Google Inc (GOOG) Acquires Titan Aerospace


Search engine giant, Google Inc (NASDAQ:GOOG) purchased Titan Aerospace, a startup maker of high-altitude, solar powered-satellites that provide access to data services worldwide. The companies did not disclose the terms of the deal.

In a statement, Google Inc (NASDAQ:GOOG) said, “Titan Aerospace and Google share a profound optimism about the potential for technology to improve the world, It’s still early days, but atmospheric satellites could help bring internet access to millions of people, and help solve other problems, including disaster relief and environmental damage like deforestation.”

The employees of Titan Aerospace will join the search engine giant’s Project Loon team, which is developing a network of large, high altitude balloon to bring internet access in rural and remote areas, help fill coverage gaps, and bring people back online after calamities, according to the search engine giant.

Greg Sterling, an analyst at Opus Research opined that Google Inc (NASDAQ:GOOG) probably acquired Titan Aerospace to integrate its technology with other projects such as robotics or with its mapping application not just to provide internet access to people in far flung areas.

“Some of their investments are speculative, and they have a lot of money to throw around on things they may or may not develop into revenue sources or successful projects. In the past, some of these companies that have not kind of aggressively pushed into new areas have seen themselves outflanked by newer competitors,” said Sterling.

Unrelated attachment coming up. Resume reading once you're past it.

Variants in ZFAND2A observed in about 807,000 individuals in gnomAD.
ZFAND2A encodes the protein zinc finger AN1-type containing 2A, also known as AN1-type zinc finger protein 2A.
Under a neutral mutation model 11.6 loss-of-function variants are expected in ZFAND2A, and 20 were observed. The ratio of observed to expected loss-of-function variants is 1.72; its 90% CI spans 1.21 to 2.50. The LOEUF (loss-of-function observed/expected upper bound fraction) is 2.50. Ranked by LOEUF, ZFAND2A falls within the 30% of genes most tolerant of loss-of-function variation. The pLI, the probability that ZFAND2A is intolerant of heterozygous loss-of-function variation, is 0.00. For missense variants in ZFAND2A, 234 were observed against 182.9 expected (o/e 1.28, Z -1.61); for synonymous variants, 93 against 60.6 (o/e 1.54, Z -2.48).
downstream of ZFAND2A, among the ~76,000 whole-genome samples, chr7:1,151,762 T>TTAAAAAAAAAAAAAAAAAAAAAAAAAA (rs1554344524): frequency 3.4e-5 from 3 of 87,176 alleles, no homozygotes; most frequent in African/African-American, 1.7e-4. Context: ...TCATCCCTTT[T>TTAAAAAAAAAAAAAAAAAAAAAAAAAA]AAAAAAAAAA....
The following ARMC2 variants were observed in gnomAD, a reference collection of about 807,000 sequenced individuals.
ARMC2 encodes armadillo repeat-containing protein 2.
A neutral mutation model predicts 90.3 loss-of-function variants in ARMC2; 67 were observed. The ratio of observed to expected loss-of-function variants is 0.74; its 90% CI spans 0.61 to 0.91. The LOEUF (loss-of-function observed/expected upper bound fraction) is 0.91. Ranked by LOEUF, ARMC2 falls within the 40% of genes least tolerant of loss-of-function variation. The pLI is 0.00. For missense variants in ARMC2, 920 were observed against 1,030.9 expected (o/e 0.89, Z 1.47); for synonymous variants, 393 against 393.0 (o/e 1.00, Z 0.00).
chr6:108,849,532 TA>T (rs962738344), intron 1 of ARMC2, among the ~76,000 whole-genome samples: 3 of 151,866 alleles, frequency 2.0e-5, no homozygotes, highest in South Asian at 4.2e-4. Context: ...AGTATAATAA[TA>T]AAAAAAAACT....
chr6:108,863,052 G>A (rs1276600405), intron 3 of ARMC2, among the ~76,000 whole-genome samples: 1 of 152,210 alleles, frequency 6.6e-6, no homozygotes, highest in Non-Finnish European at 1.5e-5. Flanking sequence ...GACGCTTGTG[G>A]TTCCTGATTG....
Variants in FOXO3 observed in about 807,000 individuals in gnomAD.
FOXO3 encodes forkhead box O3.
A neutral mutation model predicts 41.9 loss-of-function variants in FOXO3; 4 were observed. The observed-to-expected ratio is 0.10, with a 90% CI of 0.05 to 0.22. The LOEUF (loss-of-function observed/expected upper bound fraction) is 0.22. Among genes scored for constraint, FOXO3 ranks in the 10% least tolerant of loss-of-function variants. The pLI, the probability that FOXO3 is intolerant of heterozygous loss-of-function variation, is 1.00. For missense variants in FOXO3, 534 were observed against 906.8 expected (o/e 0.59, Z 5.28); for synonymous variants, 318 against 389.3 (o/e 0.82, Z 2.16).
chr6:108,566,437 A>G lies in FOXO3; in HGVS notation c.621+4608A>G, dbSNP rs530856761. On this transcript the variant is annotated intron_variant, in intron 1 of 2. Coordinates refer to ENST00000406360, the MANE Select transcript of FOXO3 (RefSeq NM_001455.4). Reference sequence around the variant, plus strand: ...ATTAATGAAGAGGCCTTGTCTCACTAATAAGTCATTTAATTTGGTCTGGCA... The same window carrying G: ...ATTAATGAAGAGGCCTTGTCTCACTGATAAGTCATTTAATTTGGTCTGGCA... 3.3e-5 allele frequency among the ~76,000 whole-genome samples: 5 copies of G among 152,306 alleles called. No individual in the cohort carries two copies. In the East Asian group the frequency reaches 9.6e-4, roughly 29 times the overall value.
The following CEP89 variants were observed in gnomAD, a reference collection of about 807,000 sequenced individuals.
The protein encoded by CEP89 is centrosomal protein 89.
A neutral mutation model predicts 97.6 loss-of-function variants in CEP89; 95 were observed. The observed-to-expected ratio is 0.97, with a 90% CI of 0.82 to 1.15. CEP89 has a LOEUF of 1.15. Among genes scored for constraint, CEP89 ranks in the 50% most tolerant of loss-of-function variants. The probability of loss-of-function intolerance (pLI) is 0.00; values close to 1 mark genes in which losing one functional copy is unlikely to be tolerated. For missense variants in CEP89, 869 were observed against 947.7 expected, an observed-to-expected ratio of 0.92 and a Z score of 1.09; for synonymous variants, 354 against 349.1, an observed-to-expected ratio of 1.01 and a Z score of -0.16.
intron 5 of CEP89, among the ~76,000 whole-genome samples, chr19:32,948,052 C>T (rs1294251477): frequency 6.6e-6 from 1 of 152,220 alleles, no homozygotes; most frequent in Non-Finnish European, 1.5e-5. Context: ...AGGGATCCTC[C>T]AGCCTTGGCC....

Last year, Google Inc (NASDAQ:GOOG) acquired seven robotics companies including Autofuss, Bot & Dolly, Holomni, Industrial Perception, Meka, Redwood Robotics, and Schaft. Its robotics project is led by Andy Rubin, the former chief of the company’s Android software unit.

Last month, it had been reported that Facebook Inc (NASDAQ:FB) was interested in acquiring Titan Aerospace for $60 million to provide internet access to different parts of the world without coverage particularly in Africa. The report indicated that the social network giant plans 11,000 units of Solara 60 drones.

The social network giant ended up purchasing Ascenta, a company based in United Kingdom whose founders developed that first version Zypher, the world’s longest solar-powered drone worldwide. Ascenta’s team joins Facebook’s Connectivity Lab composed of around 50 aeronautics experts and space scientists that will work on developing connectivity aircraft and achieve its goal to deliver internet access via drones, satellites and lasers.